The drive to the Connecticut Convention Center in Hartford on Tuesday was stressful. Though I packed carefully, I worried the glass jar with the specimen would tip over, damaging the catkins. I didn’t have a phone, so I couldn’t get lost and the car couldn’t break down. Fortunately, the trip was uneventful and when I arrived, any anxiety dissipated on entering the busy show site, which was in the process of set-up. I made a final cut to the branch so it was under 30”, arranged it in the bottle so it was straight, checked it for cosmetic imperfections, and bid it goodbye.

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A partial view of my entry, Salix chaenomeloides

Judging was the next day. Though I knew I shouldn’t, I kept looking at the clock as I worked. For some reason, I thought the results would be posted, but they weren’t. On Thursday, I called a fellow gardener working at the show. She didn’t know the results, but volunteered to bring my branch with the scorecard home when the show ended Sunday. I told her I planned to visit the show, so it wouldn’t be necessary.

Two hours later, I got a message that stunned me. I got a blue ribbon. It was thrilling—like getting a hole in one or hitting a grand slam, a slight exaggeration perhaps.

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One for the books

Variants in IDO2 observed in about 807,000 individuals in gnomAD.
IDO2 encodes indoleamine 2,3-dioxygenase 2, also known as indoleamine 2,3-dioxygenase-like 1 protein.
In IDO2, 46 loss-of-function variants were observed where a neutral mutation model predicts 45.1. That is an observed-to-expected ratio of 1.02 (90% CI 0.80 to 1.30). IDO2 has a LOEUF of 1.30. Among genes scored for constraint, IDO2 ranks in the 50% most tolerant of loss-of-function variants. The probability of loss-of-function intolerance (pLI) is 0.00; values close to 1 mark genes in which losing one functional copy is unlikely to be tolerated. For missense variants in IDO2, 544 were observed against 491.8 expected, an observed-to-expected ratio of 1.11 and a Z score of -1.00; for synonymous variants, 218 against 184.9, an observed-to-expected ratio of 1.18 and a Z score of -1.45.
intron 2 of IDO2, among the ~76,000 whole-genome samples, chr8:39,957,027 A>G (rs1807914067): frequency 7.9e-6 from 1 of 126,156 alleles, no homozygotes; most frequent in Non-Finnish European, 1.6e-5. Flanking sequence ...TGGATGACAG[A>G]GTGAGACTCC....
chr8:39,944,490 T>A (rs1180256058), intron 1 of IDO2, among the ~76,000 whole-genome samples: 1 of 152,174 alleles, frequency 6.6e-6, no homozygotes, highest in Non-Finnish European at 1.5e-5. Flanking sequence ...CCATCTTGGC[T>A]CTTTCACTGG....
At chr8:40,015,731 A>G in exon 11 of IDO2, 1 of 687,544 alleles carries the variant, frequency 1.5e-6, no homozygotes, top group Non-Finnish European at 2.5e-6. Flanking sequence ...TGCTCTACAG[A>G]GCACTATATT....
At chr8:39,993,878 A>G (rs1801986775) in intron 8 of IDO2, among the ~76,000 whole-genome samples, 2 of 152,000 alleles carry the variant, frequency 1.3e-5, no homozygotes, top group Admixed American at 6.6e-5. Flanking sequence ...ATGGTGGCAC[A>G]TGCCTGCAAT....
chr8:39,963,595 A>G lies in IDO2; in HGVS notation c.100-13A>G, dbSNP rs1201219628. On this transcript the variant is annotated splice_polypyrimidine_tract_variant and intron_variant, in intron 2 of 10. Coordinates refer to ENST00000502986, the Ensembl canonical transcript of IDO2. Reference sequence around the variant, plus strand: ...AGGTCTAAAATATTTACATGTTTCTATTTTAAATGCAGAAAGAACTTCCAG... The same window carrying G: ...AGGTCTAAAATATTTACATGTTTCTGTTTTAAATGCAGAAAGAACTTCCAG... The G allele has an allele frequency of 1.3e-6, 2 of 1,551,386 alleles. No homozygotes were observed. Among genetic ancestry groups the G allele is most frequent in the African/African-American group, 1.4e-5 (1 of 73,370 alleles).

At the show on Sunday, as my husband and I gazed at the specimen (way too long to make sense), an accomplished gardener I know came up behind us. Her husband shared that her design had won best in show. I was delighted and asked what she would do with her ribbon. “Oh, I just throw them in a notebook.” I’m not sure I’ll ever receive another. Mine will be framed.

Do you want to force a branch? Forsythia, cherry, apple, magnolia, pussy willow, Japanese maple, quince, and witch hazel are all good candidates. Choose branches that have lots of buds and put them in water as you work. Bring the branches inside and rinse off the branches in a sink filled with tepid water if you like. Cut the branch ends at an angle and arrange the branches in your vase, which should be filled with warm water so the ends are submerged. Place in a cool room or if you want the process to go more quickly in a warmer room. At this time of year, it may take only a few days for witch hazel and pussy willow to bloom and look their best. Forsythia takes a few days more and the other varieties can take up to several weeks.

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9 Comments Add yours

  1. tonytomeo says:

    Oh! I wrote about the blue ribbon that I never win a while ago. It is for the Jelly and Jam Competition at the Santa Cruz Mountains Harvest Festival. I win second place every year, except last year (long story), but NEVER first place!

    Like

    1. I saw it! Your jam sounds fantastic and the winning submission sounds intriguing, too!

      Liked by 2 people

      1. tonytomeo says:

        hmmmmm. Very embarrassing. I intend to win this year! REALLY!

        Liked by 1 person

      2. I think you will! Can’t wait to read about it.

        Liked by 1 person

      3. tonytomeo says:

        If (WHEN) I win, I will make sure EVERYONE knows about it!

        Liked by 1 person

  2. thegsandwich says:

    You’re pussy willow branch IS stunning, and every bit deserving of a blue ribbon. Congratulations! This should give you confidence for future submissions. Got get ’em.

    Liked by 1 person

    1. Thanks! Impossible to go wrong with pussy willow. Naturally beautiful and easy to grow

      Like

  3. Amy says:

    So impressive!!!!

    Liked by 1 person